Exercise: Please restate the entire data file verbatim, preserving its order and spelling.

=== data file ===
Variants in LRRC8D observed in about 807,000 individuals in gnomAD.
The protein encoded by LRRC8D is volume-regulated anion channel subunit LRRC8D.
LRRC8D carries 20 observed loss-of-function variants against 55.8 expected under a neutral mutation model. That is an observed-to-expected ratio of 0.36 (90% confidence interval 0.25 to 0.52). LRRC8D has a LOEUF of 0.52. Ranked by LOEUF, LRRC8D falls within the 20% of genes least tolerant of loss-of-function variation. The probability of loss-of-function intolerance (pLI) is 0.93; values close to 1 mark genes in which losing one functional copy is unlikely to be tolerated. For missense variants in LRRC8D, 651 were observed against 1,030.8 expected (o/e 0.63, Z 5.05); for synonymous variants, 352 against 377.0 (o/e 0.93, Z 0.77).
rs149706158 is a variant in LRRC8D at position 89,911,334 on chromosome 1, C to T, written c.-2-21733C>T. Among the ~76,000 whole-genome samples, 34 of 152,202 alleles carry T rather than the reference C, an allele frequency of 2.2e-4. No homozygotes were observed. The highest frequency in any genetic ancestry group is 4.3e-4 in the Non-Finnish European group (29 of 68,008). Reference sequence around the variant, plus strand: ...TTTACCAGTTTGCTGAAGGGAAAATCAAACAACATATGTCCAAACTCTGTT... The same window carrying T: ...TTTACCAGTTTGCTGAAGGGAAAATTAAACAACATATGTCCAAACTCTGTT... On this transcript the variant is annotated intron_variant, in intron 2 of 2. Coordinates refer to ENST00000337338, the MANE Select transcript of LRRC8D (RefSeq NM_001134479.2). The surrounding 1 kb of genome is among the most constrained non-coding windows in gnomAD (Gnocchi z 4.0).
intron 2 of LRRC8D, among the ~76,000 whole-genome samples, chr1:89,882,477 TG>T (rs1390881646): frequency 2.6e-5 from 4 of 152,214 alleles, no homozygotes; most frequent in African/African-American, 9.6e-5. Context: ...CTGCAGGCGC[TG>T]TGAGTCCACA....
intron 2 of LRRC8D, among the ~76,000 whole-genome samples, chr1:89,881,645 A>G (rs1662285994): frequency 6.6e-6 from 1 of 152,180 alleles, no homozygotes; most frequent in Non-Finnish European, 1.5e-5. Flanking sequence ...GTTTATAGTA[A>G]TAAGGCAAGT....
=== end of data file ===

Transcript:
Variants in LRRC8D observed in about 807,000 individuals in gnomAD.
The protein encoded by LRRC8D is volume-regulated anion channel subunit LRRC8D.
LRRC8D carries 20 observed loss-of-function variants against 55.8 expected under a neutral mutation model. That is an observed-to-expected ratio of 0.36 (90% confidence interval 0.25 to 0.52). LRRC8D has a LOEUF of 0.52. Ranked by LOEUF, LRRC8D falls within the 20% of genes least tolerant of loss-of-function variation. The probability of loss-of-function intolerance (pLI) is 0.93; values close to 1 mark genes in which losing one functional copy is unlikely to be tolerated. For missense variants in LRRC8D, 651 were observed against 1,030.8 expected (o/e 0.63, Z 5.05); for synonymous variants, 352 against 377.0 (o/e 0.93, Z 0.77).
rs149706158 is a variant in LRRC8D at position 89,911,334 on chromosome 1, C to T, written c.-2-21733C>T. Among the ~76,000 whole-genome samples, 34 of 152,202 alleles carry T rather than the reference C, an allele frequency of 2.2e-4. No homozygotes were observed. The highest frequency in any genetic ancestry group is 4.3e-4 in the Non-Finnish European group (29 of 68,008). Reference sequence around the variant, plus strand: ...TTTACCAGTTTGCTGAAGGGAAAATCAAACAACATATGTCCAAACTCTGTT... The same window carrying T: ...TTTACCAGTTTGCTGAAGGGAAAATTAAACAACATATGTCCAAACTCTGTT... On this transcript the variant is annotated intron_variant, in intron 2 of 2. Coordinates refer to ENST00000337338, the MANE Select transcript of LRRC8D (RefSeq NM_001134479.2). The surrounding 1 kb of genome is among the most constrained non-coding windows in gnomAD (Gnocchi z 4.0).
intron 2 of LRRC8D, among the ~76,000 whole-genome samples, chr1:89,882,477 TG>T (rs1390881646): frequency 2.6e-5 from 4 of 152,214 alleles, no homozygotes; most frequent in African/African-American, 9.6e-5. Context: ...CTGCAGGCGC[TG>T]TGAGTCCACA....
intron 2 of LRRC8D, among the ~76,000 whole-genome samples, chr1:89,881,645 A>G (rs1662285994): frequency 6.6e-6 from 1 of 152,180 alleles, no homozygotes; most frequent in Non-Finnish European, 1.5e-5. Flanking sequence ...GTTTATAGTA[A>G]TAAGGCAAGT....